Milton Friedman Part I: Economics 101

Part I: Economics 101

Bloomberg Money recently printed an article extolling the “helicopter money” theory from a man many consider to be the greatest economist in the 20th century — Milton Friedman. Friedman was a brilliant defender of the free market — or capitalism.

Milton Friedman was the son of poor, immigrant parents. His father died when he was 15, forcing him to creatively supplement a scholarship to Rutgers University. Capitalizing on the tradition that all freshmen must wear green ties, he and a friend went door to door, selling them in the dormitory. There he learned early the benefits of a free market — offering products at a lower, competitive price while making a profit.

After graduating from Rutgers, Friedman earned his Master’s Degree from the University of Chicago and later his Ph.D. from Columbia University. He married his college sweetheart and went on to teach at Columbia, Cambridge, the University of Chicago and the Hoover Institution.

Before Friedman rose to prominence, the preeminent economist of the 20th century was Englishman John Maynard Keynes, who advocated for more government intervention in the economy. Friedman however, was a rare breed and didn’t think inside the box. He was thrilled in 1947 to receive an invitation from the Nobel Prize winner Friedrich von Hayek to meet in Sweden with some of the brightest minds in the world. Decades later, in 1976, Friedman himself was awarded the Nobel Prize in economic sciences.

Friedman was unafraid and unashamed in the goodness and rightness of capitalism. He often engaged detractors on college campuses, stating that “a society that aims for equality before liberty will end up with neither equality nor liberty.” In 1979, he sat down for an epic interview with Phil Donahue, addressing the talk show host’s concerns about capitalism.

Today, Friedman would no doubt be labeled an uncaring, hateful racist for his straightforward thinking. For example, when asked at a college forum what role the government plays in helping the poor, he spoke decisively on the matter:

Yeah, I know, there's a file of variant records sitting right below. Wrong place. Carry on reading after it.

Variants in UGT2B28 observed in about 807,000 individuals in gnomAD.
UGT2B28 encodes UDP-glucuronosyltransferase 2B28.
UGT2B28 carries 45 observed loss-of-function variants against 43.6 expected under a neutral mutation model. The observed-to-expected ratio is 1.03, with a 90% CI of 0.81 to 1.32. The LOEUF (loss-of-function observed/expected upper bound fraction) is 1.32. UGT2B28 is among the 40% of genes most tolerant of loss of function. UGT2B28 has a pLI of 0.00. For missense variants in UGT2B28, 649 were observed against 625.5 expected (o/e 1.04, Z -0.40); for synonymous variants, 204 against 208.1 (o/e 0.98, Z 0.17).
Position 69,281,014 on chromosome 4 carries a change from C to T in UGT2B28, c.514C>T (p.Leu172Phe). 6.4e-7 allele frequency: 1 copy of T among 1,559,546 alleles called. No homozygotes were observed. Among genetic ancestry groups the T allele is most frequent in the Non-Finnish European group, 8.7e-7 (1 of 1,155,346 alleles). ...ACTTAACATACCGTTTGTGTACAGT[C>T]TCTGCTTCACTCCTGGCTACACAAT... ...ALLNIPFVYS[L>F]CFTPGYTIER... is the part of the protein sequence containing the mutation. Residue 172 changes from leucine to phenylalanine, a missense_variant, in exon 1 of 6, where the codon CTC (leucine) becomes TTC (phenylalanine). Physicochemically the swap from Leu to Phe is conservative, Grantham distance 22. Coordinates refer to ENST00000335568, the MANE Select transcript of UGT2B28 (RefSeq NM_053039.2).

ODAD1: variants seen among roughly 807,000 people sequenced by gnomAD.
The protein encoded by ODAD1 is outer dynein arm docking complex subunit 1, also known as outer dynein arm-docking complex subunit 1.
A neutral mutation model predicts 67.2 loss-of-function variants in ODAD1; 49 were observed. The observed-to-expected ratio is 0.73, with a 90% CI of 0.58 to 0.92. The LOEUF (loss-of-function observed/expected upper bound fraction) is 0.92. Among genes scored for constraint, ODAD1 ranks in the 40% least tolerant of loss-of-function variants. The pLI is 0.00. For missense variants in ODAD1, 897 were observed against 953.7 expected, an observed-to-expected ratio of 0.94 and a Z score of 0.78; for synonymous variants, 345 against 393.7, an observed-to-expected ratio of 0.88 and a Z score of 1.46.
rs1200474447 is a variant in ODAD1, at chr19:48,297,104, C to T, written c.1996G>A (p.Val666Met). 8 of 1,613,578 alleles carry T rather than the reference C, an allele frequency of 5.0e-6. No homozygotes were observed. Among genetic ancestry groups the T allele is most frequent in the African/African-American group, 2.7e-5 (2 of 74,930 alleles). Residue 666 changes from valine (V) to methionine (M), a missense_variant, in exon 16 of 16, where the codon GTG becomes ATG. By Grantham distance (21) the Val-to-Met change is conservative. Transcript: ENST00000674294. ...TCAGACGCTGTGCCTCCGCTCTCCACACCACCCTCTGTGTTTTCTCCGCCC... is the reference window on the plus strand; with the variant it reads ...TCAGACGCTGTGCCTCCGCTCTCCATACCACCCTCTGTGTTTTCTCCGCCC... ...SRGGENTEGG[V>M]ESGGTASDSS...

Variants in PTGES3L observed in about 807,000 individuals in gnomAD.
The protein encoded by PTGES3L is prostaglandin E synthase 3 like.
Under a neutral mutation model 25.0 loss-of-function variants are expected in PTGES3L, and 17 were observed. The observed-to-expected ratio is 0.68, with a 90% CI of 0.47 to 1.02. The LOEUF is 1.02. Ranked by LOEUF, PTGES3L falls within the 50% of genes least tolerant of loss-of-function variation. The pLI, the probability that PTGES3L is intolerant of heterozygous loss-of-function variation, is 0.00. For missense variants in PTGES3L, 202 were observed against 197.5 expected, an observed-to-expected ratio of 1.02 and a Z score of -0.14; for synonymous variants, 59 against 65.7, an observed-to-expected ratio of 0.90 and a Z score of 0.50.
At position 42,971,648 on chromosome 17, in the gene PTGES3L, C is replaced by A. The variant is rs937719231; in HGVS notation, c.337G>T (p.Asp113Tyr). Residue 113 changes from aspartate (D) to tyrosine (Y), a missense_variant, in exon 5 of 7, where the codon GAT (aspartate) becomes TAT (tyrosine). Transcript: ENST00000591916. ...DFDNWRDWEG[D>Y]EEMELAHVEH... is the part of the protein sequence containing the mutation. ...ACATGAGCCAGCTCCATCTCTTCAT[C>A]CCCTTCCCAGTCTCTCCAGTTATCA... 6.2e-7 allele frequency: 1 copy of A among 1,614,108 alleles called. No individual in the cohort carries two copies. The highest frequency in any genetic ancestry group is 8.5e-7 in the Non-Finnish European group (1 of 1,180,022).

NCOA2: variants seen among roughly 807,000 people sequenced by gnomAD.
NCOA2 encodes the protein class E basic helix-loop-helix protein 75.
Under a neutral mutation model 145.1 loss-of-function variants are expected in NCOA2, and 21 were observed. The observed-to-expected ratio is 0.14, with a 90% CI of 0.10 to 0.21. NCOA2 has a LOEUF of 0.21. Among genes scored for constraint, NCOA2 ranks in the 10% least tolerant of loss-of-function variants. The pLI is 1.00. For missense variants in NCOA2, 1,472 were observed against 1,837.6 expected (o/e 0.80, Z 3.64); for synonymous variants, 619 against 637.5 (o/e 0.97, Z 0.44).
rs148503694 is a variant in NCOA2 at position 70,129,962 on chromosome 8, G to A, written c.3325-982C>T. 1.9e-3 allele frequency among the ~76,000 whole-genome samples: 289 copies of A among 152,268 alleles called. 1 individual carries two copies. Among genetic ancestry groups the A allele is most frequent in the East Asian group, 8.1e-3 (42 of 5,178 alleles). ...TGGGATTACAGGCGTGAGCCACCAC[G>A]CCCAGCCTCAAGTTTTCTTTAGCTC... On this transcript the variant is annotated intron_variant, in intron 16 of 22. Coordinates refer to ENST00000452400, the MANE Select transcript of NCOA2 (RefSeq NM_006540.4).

“First of all, the government doesn’t have any responsibility. People have responsibility. This building doesn’t have responsibility. You and I have responsibility. People have responsibility,” Friedman said. “How can we as people exercise our responsibility to our fellow man most effectively? That’s the problem. So far as poverty is concerned, there has never in history been a more effective machine for eliminating poverty than the free enterprise system and the free market.”

Friedman’s ideas would eventually become hugely influential in the thinking of Chairman of the Federal Reserve Alan Greenspan, President Ronald Reagan, British Prime Minister Margaret Thatcher, and later, Ron and Rand Paul.

Milton Friedman died in 2006, at the age of 94, silencing a voice that strongly defended the virtues of capitalism and a free market system that has richly blessed as the United States.

Countless leaders on the left are now arguing that removing President Donald Trump from office won't be enough — they're now calling for the president's "cult-like" supporters to be "deprogrammed." And it's not just fringe politicians.

During an appearance on "Real Time with Bill Maher" last week, former NBC anchor Katie Couric said, "The question is, how are we going to really almost deprogram these people who have signed up for the cult of Trump."

Former Democratic presidential nominee Hillary Clinton and Democratic Speaker of the House Nancy Pelosi questioned whether the nation needs "a 9/11-type commission" to determine whether President Trump was colluding with Russian President Vladimir Putin "the day that the insurgents invaded our Capitol." Clinton also made sure to include her favorite "deplorables" in her unsubstantiated conspiracy theory:

"But we now know that not just [Trump] but his enablers, his accomplices, his cult members, have the same disregard for democracy," Clinton said to Pelosi.